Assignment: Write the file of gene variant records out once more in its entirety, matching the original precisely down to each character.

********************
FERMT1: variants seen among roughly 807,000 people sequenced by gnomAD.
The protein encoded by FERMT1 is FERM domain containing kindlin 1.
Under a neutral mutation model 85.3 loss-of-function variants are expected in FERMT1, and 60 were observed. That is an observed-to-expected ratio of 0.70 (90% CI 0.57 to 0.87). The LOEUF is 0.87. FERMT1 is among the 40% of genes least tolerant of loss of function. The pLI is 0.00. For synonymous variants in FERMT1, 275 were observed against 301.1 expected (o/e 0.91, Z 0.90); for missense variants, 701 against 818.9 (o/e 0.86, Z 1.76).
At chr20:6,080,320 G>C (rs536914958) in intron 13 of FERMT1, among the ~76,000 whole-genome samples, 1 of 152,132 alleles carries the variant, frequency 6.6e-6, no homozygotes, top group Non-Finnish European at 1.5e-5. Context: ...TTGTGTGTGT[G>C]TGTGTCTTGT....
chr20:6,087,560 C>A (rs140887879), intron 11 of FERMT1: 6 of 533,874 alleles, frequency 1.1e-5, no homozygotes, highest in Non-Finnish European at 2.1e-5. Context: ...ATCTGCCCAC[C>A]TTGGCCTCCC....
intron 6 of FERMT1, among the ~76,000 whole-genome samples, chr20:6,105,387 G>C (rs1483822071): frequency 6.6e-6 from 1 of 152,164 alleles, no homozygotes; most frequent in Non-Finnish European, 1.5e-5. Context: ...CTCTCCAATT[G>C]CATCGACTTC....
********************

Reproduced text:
FERMT1: variants seen among roughly 807,000 people sequenced by gnomAD.
The protein encoded by FERMT1 is FERM domain containing kindlin 1.
Under a neutral mutation model 85.3 loss-of-function variants are expected in FERMT1, and 60 were observed. That is an observed-to-expected ratio of 0.70 (90% CI 0.57 to 0.87). The LOEUF is 0.87. FERMT1 is among the 40% of genes least tolerant of loss of function. The pLI is 0.00. For synonymous variants in FERMT1, 275 were observed against 301.1 expected (o/e 0.91, Z 0.90); for missense variants, 701 against 818.9 (o/e 0.86, Z 1.76).
At chr20:6,080,320 G>C (rs536914958) in intron 13 of FERMT1, among the ~76,000 whole-genome samples, 1 of 152,132 alleles carries the variant, frequency 6.6e-6, no homozygotes, top group Non-Finnish European at 1.5e-5. Context: ...TTGTGTGTGT[G>C]TGTGTCTTGT....
chr20:6,087,560 C>A (rs140887879), intron 11 of FERMT1: 6 of 533,874 alleles, frequency 1.1e-5, no homozygotes, highest in Non-Finnish European at 2.1e-5. Context: ...ATCTGCCCAC[C>A]TTGGCCTCCC....
intron 6 of FERMT1, among the ~76,000 whole-genome samples, chr20:6,105,387 G>C (rs1483822071): frequency 6.6e-6 from 1 of 152,164 alleles, no homozygotes; most frequent in Non-Finnish European, 1.5e-5. Context: ...CTCTCCAATT[G>C]CATCGACTTC....